User groups work on the Pole Canyon trail
When user groups come together and work cooperatively then they can accomplish much. This was proven as a work project on Pole Canyon Trail in Huntington Canyon successfully completed several improvements to the trail. This is a single track trail, open to motorcycles, hikers, mountain bikers and horse travel. On this day the Back Country Horsemen and the Sageriders Motorcycle Club along with the cooperating agency, the US Forest Service, hit the trail to see how much they could accomplish in a day's time.
The group met bright and early and some of the workers camped the night before. The Emery County Commission donated the breakfast for the workers in appreciation for their volunteer efforts on the trail.
A safety and instruction meeting was held before they left the gathering site at the trail head. Jim Jennings of the forest service was instrumental in putting the project together. Bill Broadbear from the forest service explained the six different work sites which had been lined up for maintenance. Broadbear thanked everyone for coming. He said they would work on sites one-four first and if they completed those they would move onto the two upper sites.
The group discussed the various aspects of safety as it involves motorcycles and horses using the same trail. The motorcycles would go up the trail first and to the top area to begin work. They were instructed to be careful as the trail was slick from recent rains. The workers were told to allow a lot of space in between workers as they began their project, at least 10 feet.
Alan Peterson from the Sage Riders explained the motorcycle safety. He said part of their safety lies in their protective riding gear which includes, knee pads, boots, helmets, goggles and gloves. Peterson said in his experience those who get involved with volunteer service projects are the law abiding users who are educated to safety. "As we do projects together we will learn more about each other and what not to do when working around horses. We need to establish relationships and stick together because there are groups out there that want everyone off the public land and that includes, the ATVs, horses, motorcycles and bicycles. We want to use and take care of our public lands," said Peterson.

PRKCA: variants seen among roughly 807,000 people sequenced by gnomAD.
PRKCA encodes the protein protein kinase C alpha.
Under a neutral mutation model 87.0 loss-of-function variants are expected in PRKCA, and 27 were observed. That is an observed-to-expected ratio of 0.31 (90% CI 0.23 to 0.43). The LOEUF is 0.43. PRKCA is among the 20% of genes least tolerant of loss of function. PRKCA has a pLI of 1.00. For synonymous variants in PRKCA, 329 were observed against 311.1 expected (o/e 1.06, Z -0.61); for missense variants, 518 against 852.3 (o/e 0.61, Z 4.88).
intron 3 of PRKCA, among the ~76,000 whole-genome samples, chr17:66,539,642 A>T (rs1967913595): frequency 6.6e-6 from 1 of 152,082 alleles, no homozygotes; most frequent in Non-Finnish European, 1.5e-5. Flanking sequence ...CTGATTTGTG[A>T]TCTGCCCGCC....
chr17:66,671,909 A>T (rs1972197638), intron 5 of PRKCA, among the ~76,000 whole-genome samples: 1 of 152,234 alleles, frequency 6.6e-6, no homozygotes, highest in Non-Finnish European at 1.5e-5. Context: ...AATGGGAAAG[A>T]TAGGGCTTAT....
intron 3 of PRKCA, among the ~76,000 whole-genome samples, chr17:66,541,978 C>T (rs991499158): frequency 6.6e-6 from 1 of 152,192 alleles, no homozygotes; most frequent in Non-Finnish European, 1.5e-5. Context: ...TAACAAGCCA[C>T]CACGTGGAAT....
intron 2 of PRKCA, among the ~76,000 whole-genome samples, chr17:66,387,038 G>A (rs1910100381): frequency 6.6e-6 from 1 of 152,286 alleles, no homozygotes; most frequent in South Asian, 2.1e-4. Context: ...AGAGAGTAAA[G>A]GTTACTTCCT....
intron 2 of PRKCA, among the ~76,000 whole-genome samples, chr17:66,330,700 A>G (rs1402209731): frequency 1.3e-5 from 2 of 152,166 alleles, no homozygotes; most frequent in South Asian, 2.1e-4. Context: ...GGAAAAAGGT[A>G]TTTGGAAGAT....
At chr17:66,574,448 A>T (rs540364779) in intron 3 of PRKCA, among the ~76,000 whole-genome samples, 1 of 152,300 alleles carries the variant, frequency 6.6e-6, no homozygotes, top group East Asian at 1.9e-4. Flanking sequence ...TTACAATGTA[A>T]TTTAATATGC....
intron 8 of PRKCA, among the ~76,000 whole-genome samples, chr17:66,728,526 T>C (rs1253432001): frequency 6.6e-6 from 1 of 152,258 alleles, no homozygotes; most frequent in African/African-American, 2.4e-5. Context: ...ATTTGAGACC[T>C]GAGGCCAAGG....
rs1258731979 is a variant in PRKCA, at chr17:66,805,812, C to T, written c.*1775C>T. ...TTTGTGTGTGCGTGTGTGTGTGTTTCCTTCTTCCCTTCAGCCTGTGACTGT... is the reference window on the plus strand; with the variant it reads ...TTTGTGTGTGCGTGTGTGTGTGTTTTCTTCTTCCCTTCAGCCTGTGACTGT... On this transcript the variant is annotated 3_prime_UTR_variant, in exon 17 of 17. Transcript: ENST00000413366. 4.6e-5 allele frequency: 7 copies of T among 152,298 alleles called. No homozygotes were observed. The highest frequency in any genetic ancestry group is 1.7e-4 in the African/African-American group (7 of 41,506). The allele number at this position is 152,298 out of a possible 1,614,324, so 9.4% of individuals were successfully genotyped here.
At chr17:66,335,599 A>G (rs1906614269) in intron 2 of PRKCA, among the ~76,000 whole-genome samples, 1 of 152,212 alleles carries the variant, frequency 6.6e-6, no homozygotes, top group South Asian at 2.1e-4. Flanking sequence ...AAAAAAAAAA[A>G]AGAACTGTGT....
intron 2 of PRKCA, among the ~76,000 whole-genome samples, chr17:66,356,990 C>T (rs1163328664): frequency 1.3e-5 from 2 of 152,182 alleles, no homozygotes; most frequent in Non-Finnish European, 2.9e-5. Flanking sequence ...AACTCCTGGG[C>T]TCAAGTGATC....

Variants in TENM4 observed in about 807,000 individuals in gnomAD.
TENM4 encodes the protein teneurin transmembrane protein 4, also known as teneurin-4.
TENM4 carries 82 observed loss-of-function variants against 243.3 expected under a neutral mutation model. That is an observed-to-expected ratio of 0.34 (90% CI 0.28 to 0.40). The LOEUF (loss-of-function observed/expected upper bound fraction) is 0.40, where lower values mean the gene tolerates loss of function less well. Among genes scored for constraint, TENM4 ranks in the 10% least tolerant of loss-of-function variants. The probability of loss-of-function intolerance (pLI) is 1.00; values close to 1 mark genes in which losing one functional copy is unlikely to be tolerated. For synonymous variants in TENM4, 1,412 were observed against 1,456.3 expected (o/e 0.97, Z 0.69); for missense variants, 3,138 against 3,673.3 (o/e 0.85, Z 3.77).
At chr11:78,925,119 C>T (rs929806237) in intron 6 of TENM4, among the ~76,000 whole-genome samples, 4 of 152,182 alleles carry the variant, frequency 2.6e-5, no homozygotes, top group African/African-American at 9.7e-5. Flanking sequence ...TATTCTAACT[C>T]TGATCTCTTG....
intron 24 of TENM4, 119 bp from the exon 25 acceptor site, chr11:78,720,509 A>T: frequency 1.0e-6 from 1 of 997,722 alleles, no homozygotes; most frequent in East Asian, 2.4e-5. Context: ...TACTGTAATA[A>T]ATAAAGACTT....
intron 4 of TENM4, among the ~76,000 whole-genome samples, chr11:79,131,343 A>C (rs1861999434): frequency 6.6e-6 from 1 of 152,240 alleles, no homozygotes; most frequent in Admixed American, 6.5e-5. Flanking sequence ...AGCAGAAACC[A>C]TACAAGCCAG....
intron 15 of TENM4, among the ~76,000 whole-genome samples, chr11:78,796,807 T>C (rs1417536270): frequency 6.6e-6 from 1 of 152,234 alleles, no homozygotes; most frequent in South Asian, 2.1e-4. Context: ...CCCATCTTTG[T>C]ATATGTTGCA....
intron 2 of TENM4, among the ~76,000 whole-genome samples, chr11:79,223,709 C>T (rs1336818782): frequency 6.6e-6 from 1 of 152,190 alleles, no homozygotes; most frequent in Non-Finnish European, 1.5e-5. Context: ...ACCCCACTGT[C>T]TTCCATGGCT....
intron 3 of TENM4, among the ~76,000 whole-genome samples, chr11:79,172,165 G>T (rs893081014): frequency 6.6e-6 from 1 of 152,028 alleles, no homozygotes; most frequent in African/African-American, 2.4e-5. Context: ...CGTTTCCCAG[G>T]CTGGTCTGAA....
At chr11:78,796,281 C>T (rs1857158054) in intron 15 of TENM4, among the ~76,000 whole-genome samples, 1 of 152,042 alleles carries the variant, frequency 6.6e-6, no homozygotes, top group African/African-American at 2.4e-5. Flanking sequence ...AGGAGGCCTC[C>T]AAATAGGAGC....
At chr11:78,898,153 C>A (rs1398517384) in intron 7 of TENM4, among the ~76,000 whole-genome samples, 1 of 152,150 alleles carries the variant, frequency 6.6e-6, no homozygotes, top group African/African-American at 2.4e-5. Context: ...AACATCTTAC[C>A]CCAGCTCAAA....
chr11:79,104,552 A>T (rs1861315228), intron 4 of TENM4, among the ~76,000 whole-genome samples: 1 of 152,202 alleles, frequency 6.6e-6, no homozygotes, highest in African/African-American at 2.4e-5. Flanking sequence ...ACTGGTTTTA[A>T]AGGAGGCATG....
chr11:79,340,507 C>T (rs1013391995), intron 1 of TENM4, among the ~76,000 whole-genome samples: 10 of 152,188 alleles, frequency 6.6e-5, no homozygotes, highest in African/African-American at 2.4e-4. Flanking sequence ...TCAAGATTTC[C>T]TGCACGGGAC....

Rod Player from the forest service told a little about horse etiquette. He said the most important thing to remember about horses and mules is they have their own minds. All users should yield to a horse. Hikers sometimes startle horses. If you can yield to a horse on the downhill side it is better for them. Get down hill and let the horses go by. Sometimes horses will kick out at other horses. Don't get between horses. Stop and talk to the people with the horses and ask them how they want you to pass. Helmets seem to bother horses, because they don't recognize the riders as being human. Horses being led also should be treated with caution. Horsemen can yield to motorcycles too. When using narrow trails and two users come upon each other, someone will have to turn around.
Peterson said another aspect of trail etiquette is knowing which trails are open for which uses. It's the responsibility of the rider to know if a road or trail is open. He encouraged everyone to have the available maps and to use them. "Be knowledgeable and learn the regulations. Treat each other with respect," said Peterson.
Wade Allinson outlined some of the work to be completed. He thanked Broadbear for always being willing to help with volunteer projects. The motorcycles would leave first and head to the top projects where they would work on trail alignment, and make water bars along the trail for erosion control. Allinson said the Pole Canyon trail was originally constructed by the CCC. Around the bridge the project would be to construct runners for erosion control. In some places where water is running down the trail, water bars will be constructed. Carsonite trail markers will also be installed.
Peterson said, "The work project went very well. We got 4 1/2 of six jobs completed. The weather was good and no rain. Cooperative projects like that are very rewarding and very successful. The education that comes from working 'side by side' can't be duplicated in a meeting or in an office."